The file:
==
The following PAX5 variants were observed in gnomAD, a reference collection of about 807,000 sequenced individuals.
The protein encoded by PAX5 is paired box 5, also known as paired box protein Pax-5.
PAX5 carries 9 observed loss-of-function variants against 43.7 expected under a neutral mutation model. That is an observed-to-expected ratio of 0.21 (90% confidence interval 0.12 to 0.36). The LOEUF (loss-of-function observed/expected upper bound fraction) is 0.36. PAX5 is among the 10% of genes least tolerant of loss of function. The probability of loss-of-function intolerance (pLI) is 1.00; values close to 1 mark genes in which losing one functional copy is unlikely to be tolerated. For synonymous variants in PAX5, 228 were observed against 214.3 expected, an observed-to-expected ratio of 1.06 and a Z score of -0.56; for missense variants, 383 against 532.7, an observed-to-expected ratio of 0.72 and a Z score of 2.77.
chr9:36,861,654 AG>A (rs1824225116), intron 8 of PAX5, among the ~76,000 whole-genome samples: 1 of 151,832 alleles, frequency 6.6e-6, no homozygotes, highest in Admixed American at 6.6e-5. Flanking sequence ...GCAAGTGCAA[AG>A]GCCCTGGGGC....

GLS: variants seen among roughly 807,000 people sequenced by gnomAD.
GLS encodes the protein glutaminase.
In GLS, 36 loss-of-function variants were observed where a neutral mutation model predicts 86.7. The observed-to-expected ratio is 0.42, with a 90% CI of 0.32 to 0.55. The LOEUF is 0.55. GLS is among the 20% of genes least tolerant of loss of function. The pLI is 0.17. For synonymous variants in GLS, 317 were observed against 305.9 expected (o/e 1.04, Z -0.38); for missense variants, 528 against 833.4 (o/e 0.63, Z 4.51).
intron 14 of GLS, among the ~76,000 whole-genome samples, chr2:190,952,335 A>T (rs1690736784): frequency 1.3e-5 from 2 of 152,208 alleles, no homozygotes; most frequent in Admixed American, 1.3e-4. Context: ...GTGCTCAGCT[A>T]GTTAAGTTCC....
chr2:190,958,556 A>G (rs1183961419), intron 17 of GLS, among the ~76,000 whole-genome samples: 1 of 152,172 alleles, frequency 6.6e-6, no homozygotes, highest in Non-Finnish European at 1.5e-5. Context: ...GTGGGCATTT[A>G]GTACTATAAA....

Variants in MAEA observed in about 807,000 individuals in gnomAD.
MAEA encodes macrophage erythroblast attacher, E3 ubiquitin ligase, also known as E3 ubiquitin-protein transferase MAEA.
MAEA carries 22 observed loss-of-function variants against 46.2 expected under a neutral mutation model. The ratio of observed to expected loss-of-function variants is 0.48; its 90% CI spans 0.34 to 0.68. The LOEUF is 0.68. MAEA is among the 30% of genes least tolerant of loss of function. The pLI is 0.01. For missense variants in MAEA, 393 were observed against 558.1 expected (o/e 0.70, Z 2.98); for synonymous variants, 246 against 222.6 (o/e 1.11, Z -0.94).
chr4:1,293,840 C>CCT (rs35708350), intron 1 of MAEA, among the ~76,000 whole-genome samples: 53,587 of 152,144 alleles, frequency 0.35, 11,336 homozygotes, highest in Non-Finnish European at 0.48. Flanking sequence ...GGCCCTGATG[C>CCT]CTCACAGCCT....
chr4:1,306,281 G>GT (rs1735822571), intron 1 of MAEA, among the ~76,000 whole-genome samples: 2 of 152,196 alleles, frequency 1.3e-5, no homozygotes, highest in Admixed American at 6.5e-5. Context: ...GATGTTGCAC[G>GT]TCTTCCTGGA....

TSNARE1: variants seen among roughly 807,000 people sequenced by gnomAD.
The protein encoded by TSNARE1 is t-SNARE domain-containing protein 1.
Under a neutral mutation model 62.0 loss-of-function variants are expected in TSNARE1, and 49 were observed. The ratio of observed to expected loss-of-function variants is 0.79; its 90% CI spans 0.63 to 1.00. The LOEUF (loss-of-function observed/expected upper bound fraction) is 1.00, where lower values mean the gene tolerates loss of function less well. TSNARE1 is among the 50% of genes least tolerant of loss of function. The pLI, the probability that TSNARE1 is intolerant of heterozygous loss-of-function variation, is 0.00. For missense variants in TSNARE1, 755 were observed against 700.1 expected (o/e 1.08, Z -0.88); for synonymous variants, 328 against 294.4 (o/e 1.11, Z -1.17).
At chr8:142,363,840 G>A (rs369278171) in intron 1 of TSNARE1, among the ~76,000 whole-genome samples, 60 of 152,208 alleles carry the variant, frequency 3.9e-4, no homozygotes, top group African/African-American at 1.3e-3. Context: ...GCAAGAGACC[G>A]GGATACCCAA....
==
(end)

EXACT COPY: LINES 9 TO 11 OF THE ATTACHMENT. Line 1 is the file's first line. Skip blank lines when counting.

chr2:190,958,556 A>G (rs1183961419), intron 17 of GLS, among the ~76,000 whole-genome samples: 1 of 152,172 alleles, frequency 6.6e-6, no homozygotes, highest in Non-Finnish European at 1.5e-5. Context: ...GTGGGCATTT[A>G]GTACTATAAA....

Variants in MAEA observed in about 807,000 individuals in gnomAD.
MAEA encodes macrophage erythroblast attacher, E3 ubiquitin ligase, also known as E3 ubiquitin-protein transferase MAEA.